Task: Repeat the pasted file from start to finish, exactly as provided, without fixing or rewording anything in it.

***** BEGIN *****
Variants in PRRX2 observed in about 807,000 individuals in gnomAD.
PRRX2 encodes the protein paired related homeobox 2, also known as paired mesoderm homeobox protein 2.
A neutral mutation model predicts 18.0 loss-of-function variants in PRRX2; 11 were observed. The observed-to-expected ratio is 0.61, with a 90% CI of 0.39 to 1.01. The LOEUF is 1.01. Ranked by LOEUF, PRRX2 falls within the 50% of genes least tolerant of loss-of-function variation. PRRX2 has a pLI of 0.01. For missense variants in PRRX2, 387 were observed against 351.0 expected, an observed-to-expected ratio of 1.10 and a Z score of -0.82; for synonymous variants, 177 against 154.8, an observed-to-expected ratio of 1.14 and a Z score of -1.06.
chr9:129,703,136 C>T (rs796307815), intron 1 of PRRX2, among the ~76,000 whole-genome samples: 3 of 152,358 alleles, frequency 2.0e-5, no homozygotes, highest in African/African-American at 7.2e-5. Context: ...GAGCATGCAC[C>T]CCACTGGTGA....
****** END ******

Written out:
Variants in PRRX2 observed in about 807,000 individuals in gnomAD.
PRRX2 encodes the protein paired related homeobox 2, also known as paired mesoderm homeobox protein 2.
A neutral mutation model predicts 18.0 loss-of-function variants in PRRX2; 11 were observed. The observed-to-expected ratio is 0.61, with a 90% CI of 0.39 to 1.01. The LOEUF is 1.01. Ranked by LOEUF, PRRX2 falls within the 50% of genes least tolerant of loss-of-function variation. PRRX2 has a pLI of 0.01. For missense variants in PRRX2, 387 were observed against 351.0 expected, an observed-to-expected ratio of 1.10 and a Z score of -0.82; for synonymous variants, 177 against 154.8, an observed-to-expected ratio of 1.14 and a Z score of -1.06.
chr9:129,703,136 C>T (rs796307815), intron 1 of PRRX2, among the ~76,000 whole-genome samples: 3 of 152,358 alleles, frequency 2.0e-5, no homozygotes, highest in African/African-American at 7.2e-5. Context: ...GAGCATGCAC[C>T]CCACTGGTGA....